Ransdell said money needed for specific projects will be considered.

Revenue-dependent departments will begin paying a service fee of three percent of their total revenue this fiscal year.

“All revenue-dependent programs benefit from their affiliation with the university,” Ransdell said in the faculty and staff e-mail.

They benefit by using facilities, sharing university employees and by just being affiliated with the university, he said.

Dietle motioned to remove a policy that would delay the start of benefits for new employees, but the motion was denied.

Employees will receive full benefits on the first day of their first calendar month.

Dietle said several faculty members arrive on Western’s campus in mid-August and are expected to teach classes.

He said it isn’t right to welcome them, but tell them they won’t be full members for several weeks.

“It’s a small step, but I see it as a potentially damaging one,” he said.

Regent Cornelius Martin said it is normal for schools to have faculty wait 90 days before gaining full benefits.

The policy will generate a continuing amount of $80,000. Ransdell said he was not prepared to suggest a replacement for the policy.

But Dietle withdrew his motion and a motion was approved to have departments pay the benefits of new staff during the first month of employment. Departments will also gain more flexibility in employee start dates.

Staff Regent Pat Jordan said the policy should be looked at on an individual basis. Staff may not come from backgrounds where they already have benefits.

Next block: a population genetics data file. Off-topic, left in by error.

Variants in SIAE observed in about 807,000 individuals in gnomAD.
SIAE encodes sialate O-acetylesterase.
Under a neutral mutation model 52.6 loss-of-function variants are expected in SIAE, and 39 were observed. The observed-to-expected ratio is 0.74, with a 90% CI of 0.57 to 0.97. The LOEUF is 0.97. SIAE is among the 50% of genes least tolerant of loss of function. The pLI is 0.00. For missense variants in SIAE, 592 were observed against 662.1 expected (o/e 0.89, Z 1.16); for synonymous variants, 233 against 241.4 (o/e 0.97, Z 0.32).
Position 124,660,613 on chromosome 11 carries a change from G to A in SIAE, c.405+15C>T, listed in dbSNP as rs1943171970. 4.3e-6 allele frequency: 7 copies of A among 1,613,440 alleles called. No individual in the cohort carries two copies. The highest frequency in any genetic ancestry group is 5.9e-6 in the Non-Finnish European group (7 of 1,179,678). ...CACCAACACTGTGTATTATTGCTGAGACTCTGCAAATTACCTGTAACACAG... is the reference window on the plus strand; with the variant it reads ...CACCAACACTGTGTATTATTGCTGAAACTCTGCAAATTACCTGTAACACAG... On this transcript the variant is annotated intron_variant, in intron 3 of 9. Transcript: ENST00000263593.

Staff Council Chair Elizabeth Paris said the policy will probably affect faculty more because they have less flexible start dates.

The number of vacation days an employee can have carried over from year to year has also changed. Employees will be able to have a maximum of 20 days, instead of 24, carried into the next year. The remaining days will be turned into sick days.

Paris said some staff don’t understand that days aren’t being taken away from them.

“It’s possible they could have said if you don’t take all your days they’ll start over,” Paris said. “Some companies do that.”

Paris said staff members have also shown concerns about other policy changes.

No faculty or staff member will get discounts on athletic tickets, and part-time faculty and staff will not be able to take classes at discounted rates unless given a scholarship at the department’s expense.

All departments are being asked to reduce costs in printing, postage, subscription services, food and departmental dining, wireless telephone usage and advertising for vacant positions.

All departments will also have to reduce overtime. Overtime hours will only be used for emergencies or tasks that must take place immediately. All overtime budgets are being reduced by one-third and departments will begin paying overtime charges.

Some changes will allow Western to save money on utilities. Unnecessary lighting, gas and water usage will be reduced.

Ransdell said he is working the Campus Safety Task Force to make those changes safely.

“We’re not going to jeopardize the safety conditions of our campus to save a few dollars,” Ransdell said.

Reach Shawntaye Hopkins at [email protected]